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Article

Sir David Kirke

Sir David Kirke, trader and privateer, first governor of Newfoundland (born at Dieppe, France c1597; died near London, England 1654). Kirke, with Sir William Alexander, Earl of Stirling, formed the Company of Adventurers, which was granted patents by King Charles I. It gave them the right to trade and settle in Canada. Kirke was the owner of the first recorded Black chattel-slave in New France, Olivier Le Jeune

Editorial

Editorial: Baldwin, LaFontaine and Responsible Government

The BaldwinLaFontaine government of 1848 has been called the “great ministry.” In addition to establishing responsible government, it had an incomparable record of legislation. It established a public school system and finalized the founding of the University of Toronto. It set up municipal governments and pacified French-Canadian nationalism after a period of unrest. Responsible government did not transform Canada overnight into a fully developed democracy. But it was an important milestone along the road to political autonomy. Most importantly, it provided an opportunity for French Canadians to find a means for their survival through the British Constitution. The partnership and friendship between Baldwin and LaFontaine were brilliant examples of collaboration that have been all too rare in Canadian history.

Article

Canadian War Art Programs

Since the First World War, there have been four major initiatives to allow Canadian artists to document Canadian Armed Forcesat war. Canada’s first official war art program, the Canadian War Memorials Fund (1916–19), was one of the first government-sponsored programs of its kind. It was followed by the Canadian War Art Program (1943–46) during the Second World War. The Canadian Armed Forces Civilian Artists Program (1968–95) and the Canadian Forces Artists Program (2001–present) were established to send civilian artists to combat and peacekeepingzones. Notable Canadian war artists have included A.Y. Jackson, F.H. Varley, Lawren Harris, Alex Colville and Molly Lamb Bobak.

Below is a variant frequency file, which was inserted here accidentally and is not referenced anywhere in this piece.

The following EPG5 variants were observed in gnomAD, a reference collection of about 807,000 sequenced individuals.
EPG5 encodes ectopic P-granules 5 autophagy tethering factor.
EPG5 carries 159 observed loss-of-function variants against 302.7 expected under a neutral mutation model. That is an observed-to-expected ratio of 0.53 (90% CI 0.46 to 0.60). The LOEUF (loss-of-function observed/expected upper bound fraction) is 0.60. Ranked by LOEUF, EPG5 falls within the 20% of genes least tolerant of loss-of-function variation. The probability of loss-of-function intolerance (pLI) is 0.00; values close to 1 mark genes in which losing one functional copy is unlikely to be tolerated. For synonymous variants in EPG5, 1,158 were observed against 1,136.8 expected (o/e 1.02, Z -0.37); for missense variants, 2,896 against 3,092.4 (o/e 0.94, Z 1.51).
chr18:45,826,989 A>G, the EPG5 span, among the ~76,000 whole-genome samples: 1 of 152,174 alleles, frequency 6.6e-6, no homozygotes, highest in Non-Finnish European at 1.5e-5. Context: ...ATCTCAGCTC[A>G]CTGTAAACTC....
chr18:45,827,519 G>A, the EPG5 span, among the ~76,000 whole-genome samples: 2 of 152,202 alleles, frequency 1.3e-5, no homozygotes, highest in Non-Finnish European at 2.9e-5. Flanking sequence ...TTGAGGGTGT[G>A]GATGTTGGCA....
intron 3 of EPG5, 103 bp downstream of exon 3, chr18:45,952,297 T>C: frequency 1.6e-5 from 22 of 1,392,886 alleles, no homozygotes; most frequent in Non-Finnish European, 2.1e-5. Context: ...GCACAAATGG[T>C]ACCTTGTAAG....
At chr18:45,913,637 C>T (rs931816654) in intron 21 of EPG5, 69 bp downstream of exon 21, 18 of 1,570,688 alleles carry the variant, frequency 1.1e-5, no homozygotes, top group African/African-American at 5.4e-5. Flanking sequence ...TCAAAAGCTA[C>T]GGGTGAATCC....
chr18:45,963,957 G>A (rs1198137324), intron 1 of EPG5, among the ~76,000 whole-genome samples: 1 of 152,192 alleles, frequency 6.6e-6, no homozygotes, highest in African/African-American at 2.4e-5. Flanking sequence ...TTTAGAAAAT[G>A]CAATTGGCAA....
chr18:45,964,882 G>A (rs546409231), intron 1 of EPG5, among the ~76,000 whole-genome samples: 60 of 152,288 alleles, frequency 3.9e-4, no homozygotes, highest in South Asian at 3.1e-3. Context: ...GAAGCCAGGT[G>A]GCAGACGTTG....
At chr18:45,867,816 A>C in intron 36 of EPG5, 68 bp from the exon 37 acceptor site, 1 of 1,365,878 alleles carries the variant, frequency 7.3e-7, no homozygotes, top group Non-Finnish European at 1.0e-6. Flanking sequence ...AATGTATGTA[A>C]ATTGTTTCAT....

Article

Tookoolito

Tookoolito, also known as Hannah and Taqulittuq (born in 1838 near Cumberland Sound, NU; died 31 December 1876 in Groton, Connecticut), Inuk translator and guide to American explorer Charles Francis Hall. Tookoolito and her husband, Ebierbing (traditionally spelt Ipiirvik), were well-known Inuit explorers of the 19th century who significantly contributed to non-Inuit’s knowledge of the North. The Government of Canada has recognized Tookoolito and Ebierbing as National Historic Persons.

Article

Jacques Cartier

Jacques Cartier, navigator (born between 7 June and 23 December 1491 in Saint-Malo, France; died 1 September 1557 in Saint-Malo, France). From 1534 to 1542, Cartier led three maritime expeditions to the interior of the Gulf of the St. Lawrence River. During these expeditions, he explored, but more importantly accurately mapped for the first time the interior of the river, from the Gulf to Montreal (see also History of Cartography in Canada). For this navigational prowess, Cartier is still considered by many as the founder of “Canada.” At the time, however, this term described only the region immediately surrounding Quebec. Cartier’s upstream navigation of the St. Lawrence River in the 16th century ultimately led to France occupying this part of North America.

Article

Canadian Command during the Great War

The Canadian Expeditionary Force (CEF), of some 630,000 men during the Great War of 1914–18, consisted almost entirely of civilian soldiers. Pre-war farmers, clerks, students, and workers voluntarily enlisted to serve King and Country, although close to 100,000 were conscripted for service in the last year of the war. Most of the Canadian senior officers were drawn from the middle class — lawyers, engineers, professional soldiers, businessmen, farmers, and even a dentist.